Papal Christmas, New Year moved indoors because of coronavirus

Philip Pullella
·2-min read
FILE PHOTO: Pope Francis holds the weekly general audience at the Library of the Apostolic Palace at the Vatican December 16, 2020.

By Philip Pullella

VATICAN CITY (Reuters) - Pope Francis will read his Christmas message from inside the Vatican instead of from the outdoor central balcony of St. Peter's Basilica because of new coronavirus restrictions in Italy, the Vatican said on Tuesday.

In addition to the Christmas "Urbi et Orbi" (to the city and world) message, five addresses that were to have been delivered from a window of the Vatican's Apostolic Palace overlooking St. Peter's Square between Dec. 26 and Jan. 6 also will be moved indoors.

The restrictions mean people will not be able to go to St. Peter's Square. Papal events will be live streamed and broadcast on television.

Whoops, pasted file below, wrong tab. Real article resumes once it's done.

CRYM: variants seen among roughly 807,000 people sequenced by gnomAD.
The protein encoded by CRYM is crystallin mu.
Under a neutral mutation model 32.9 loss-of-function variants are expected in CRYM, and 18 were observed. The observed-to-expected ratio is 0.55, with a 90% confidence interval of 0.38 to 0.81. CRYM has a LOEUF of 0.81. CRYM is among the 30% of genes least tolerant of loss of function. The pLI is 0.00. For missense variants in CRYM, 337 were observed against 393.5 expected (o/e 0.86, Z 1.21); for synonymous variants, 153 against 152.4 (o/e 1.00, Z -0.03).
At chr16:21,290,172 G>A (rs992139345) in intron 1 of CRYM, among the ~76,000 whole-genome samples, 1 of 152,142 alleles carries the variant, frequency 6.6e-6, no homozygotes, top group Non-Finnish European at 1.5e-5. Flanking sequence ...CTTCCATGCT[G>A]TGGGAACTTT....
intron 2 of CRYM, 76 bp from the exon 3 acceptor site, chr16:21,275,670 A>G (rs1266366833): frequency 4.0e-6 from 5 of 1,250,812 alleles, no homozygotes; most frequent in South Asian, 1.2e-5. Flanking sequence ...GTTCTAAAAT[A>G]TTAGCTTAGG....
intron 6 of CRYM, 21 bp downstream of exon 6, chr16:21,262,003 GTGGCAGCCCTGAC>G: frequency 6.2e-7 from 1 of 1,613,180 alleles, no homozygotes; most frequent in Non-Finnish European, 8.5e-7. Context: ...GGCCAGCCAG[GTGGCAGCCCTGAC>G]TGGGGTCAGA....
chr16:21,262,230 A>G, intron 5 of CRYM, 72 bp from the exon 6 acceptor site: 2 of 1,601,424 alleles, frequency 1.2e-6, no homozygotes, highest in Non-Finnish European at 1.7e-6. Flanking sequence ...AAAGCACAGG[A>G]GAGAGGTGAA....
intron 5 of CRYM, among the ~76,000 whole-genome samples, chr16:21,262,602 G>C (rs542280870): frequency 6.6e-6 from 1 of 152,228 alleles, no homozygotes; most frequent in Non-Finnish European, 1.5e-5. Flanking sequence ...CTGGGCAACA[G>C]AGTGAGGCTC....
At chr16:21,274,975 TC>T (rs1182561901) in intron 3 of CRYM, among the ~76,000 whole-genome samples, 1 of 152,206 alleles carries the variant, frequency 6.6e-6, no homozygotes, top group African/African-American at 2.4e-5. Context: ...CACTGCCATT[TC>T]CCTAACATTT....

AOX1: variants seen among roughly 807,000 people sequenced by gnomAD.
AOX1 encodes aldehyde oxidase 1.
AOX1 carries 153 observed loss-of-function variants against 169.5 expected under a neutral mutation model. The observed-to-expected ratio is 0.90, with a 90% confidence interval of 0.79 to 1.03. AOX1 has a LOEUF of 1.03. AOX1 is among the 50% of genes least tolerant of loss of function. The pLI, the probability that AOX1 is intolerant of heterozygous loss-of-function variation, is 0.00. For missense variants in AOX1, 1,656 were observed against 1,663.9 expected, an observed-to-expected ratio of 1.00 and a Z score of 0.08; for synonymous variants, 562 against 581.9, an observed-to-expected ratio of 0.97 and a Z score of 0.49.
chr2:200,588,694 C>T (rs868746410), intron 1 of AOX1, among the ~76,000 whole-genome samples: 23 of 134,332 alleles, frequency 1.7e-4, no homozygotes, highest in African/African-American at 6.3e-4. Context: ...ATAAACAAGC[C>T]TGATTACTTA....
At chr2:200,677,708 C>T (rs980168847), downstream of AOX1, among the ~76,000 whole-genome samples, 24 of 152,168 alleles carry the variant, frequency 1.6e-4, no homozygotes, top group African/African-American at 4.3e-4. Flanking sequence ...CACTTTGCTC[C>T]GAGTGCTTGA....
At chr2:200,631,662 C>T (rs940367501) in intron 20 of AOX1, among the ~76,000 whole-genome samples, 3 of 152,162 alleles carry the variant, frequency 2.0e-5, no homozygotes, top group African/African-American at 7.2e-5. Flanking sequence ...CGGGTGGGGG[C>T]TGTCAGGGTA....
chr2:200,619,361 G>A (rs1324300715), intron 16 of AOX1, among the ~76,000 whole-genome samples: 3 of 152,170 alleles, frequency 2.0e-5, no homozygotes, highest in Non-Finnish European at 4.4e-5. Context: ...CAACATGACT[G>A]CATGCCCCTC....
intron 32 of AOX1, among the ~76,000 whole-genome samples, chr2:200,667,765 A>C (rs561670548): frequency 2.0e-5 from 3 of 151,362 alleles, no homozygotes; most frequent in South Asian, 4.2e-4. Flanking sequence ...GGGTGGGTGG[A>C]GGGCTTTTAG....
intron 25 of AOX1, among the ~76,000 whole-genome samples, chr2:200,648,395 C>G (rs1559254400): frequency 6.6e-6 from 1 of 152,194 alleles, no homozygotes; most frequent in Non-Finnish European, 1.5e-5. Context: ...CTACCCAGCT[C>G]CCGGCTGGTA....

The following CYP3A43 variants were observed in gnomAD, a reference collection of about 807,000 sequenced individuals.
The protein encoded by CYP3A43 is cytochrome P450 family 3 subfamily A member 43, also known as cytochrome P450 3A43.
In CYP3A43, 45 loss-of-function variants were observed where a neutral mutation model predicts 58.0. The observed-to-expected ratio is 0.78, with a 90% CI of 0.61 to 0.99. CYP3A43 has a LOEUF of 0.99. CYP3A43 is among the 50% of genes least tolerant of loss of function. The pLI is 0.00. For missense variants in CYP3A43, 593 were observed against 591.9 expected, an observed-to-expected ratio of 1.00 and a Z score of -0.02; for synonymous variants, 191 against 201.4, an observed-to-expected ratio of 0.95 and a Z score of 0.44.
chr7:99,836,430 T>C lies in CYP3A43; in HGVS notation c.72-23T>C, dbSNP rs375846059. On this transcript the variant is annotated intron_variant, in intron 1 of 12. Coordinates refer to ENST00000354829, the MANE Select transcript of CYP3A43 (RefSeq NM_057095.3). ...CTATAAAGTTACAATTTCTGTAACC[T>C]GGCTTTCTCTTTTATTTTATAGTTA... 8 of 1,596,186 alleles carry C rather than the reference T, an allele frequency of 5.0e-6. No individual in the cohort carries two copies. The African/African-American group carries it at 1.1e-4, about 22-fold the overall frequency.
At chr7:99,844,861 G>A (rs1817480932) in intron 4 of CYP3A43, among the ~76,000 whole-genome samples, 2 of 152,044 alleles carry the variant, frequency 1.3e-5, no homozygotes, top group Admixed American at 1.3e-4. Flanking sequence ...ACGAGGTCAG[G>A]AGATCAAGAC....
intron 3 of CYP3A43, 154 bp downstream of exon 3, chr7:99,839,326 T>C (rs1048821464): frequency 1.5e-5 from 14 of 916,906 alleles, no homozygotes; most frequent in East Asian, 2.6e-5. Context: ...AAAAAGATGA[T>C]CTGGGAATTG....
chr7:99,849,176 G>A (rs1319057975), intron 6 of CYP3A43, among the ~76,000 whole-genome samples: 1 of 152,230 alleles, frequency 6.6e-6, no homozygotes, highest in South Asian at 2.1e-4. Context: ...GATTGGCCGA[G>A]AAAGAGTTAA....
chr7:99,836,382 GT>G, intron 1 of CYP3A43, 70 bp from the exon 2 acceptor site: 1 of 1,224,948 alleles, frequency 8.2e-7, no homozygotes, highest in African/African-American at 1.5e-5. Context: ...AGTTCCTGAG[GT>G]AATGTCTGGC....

Italians will be placed under a nationwide lockdown for much of the Christmas and New Year holidays. Non-essential shops will be shuttered between Dec. 24-27, Dec. 31-Jan. 3 and Jan. 5-6. On these days, people will be allowed to travel only for work, health or emergency reasons.

The rules will restrict the number of people allowed to attend major papal events inside St. Peter's Basilica, such as Christmas Eve Mass, New Year's Eve vespers, the Jan. 1 World Day of Peace Mass, and the Jan. 6 Mass on the Feast of the Epiphany.

The pope's Christmas Eve Mass will start at 7:30 p.m., two hours earlier than usual, to allow the limited number of people who can attend to be home by a 10 p.m. Italian curfew.

As a second wave of the pandemic hit Italy, his weekly general audiences were moved back indoors and held virtually without public participation following several months with a limited number of members of the public.

Italy, the first Western country hit by the virus, has seen69,214 COVID-19 fatalities since its outbreak emerged inFebruary, the highest toll in Europe and the fifth-highest inthe world. It has also registered some 1.96 million cases todate.

(Reporting by Philip Pullella; Editing by Alexander Smith, William Maclean)